When tragedy, heartbreak, and loss strike your life, the holidays seem to take the hardest hit. Everywhere there are reminders of the tension between what should be and reality. You see the gaps, the missing pieces, and part of your heart feels as if it has been removed from you. It’s an ache that runs deep.
The last few holidays have held their fair share of melancholy moments, painfully awkward interactions, and messy prayers. Last year, on Black Friday, it became clear that this was our last Christmas as a family. We all decided to just push – despite the pain – to keep Christmas sweet for the younger kids one last time. It felt like a lie, but the truth was something I wasn’t ready to face.
This year, there’s no choice but to look at straight at Truth and to see Grief that tagged along. My parents are divorced. That is our heartbreaking reality.
Divorce is a death. I’ve said that often and I’ll continue to say it. It’s the death of a marriage and of a family. Something is gone, fractured, and so broken. It leaves grief in its wake that is deep and messy.
So while I may not be mourning a physical death this year, I’m mourning a loss of a father. I’m mourning the loss of a full family all together – laughing, fighting, and being total dorks. I’m mourning that things will never be the same and we must fight for a new normal. I’m mourning the change.
Maybe you have lost someone you love this year. Maybe you experienced a failure or dream shattered. Maybe your financial, relationship or heart situation just leaves you feeling heavy, not light. If you are mourning, you are not alone.
Here is what I have to say to you, words that truly, I’m saying to myself.
Cliche, but true. You don’t need to be okay right now. You will be okay, but it’s fine if that’s not today. If you need a moment (or a day or a week or a year) to just let your heart feel, that’s okay. Our hearts desperately need to feel before they can heal. Stuffing, hiding, running, or replacing will put us on a merry-go-round of constantly moving, but never getting anywhere. It’s okay to get off the ride and just sit. Just be. Just give yourself breathing room so you can push through to the other side all in due time.
If you want to trade your grief for the Christmas lights and leave it in the box until the decorations come down, that’s okay. If you decide that this isn’t the time quite yet to let yourself feel and move on, that’s okay. Sometimes we just aren’t ready. I’m not here to tell you that you have to be sad. I’m not here to really tell you that you have to do anything – but to give you permission to figure out what you need.
If you need a cookie baking day, mugs full of hot cocoa and an explosion of red, green, and gold – then let yourself embrace the winter wonderland. There is no shame in that. And if this year, you choose to forego the lights, the tree, and whatever other elements that just feel like too much – there’s no shame in that either. You can down your sorrows in every Hallmark movie ever made or you can choose to not watch a single Christmas movie all season.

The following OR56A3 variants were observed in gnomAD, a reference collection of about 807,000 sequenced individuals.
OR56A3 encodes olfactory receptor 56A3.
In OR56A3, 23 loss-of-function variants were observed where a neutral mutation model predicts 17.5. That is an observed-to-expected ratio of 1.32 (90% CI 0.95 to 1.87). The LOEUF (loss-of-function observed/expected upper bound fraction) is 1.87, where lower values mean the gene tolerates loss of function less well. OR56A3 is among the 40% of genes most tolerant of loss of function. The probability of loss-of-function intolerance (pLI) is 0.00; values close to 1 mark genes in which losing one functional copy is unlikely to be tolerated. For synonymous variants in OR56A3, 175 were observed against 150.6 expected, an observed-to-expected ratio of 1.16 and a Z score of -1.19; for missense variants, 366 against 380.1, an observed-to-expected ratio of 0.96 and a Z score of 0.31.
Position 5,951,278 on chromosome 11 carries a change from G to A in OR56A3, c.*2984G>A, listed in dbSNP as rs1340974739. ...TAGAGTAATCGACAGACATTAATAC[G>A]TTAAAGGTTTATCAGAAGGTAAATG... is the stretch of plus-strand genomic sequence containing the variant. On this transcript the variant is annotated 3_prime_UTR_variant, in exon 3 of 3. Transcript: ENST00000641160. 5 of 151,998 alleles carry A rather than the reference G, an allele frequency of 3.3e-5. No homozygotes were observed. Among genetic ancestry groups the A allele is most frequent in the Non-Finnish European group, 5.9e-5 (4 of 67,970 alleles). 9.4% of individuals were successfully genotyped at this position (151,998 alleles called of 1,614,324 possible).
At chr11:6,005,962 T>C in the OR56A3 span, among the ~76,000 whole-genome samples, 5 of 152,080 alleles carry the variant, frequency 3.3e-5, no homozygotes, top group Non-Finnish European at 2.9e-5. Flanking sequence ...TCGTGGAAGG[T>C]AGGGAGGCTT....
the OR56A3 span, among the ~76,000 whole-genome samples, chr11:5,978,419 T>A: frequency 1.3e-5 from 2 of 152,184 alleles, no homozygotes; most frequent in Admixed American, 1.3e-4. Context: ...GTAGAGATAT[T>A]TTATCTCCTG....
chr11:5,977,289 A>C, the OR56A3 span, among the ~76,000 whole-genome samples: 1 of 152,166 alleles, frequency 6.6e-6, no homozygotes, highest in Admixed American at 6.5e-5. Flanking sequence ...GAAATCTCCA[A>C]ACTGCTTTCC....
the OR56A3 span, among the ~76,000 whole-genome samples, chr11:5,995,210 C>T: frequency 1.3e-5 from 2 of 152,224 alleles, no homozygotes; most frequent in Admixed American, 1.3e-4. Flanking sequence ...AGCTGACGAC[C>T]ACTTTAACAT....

The decisions are yours, but whatever way you need to process and grieve, may you make space.
This year, the concept of Emanuel – “God with us” – has been sticking to my soul. I feel the weight of this year, the weight of the grief and pain, the weight of a situation that I cannot fix. In that weight, God is with me. God is present.
I know sometimes Jesus gets stuck being a baby in a manger this time of year, pictures of him as a silent baby that’s glowing from his goodness. And yet, only picturing him as a baby is silly as celebrating my husband’s birthday and only thinking of his birth, not his life. I wasn’t there for the birth, but I intimately know the impact of his life.
The beauty in the life of Jesus is not just in His birth, but in the life, death, and life again. God chose to become one of us, to walk among us, to feel our pain, to carry our burdens. Ultimately, to give up His life and to conquer sin and death. God among us. God opening up the ability to be always among us. No more separation. No more need to worship God only in a temple’s court, but a God who came to dwell among us and within us.
To be with you as is, in your pain and your heartache. Not trying to distract you, but deeply healing you instead. Jesus knew how to weep and grieve, even when knowing that the ending would set all things right. The tears are part of the process. Jesus is in them. So let it flow, friend. The end will be good, but we are not there yet.
If you have known grief over the holiday season, no matter if it’s this one or years past, would you share with me how you’ve dealt with it? What has helped and what has hurt?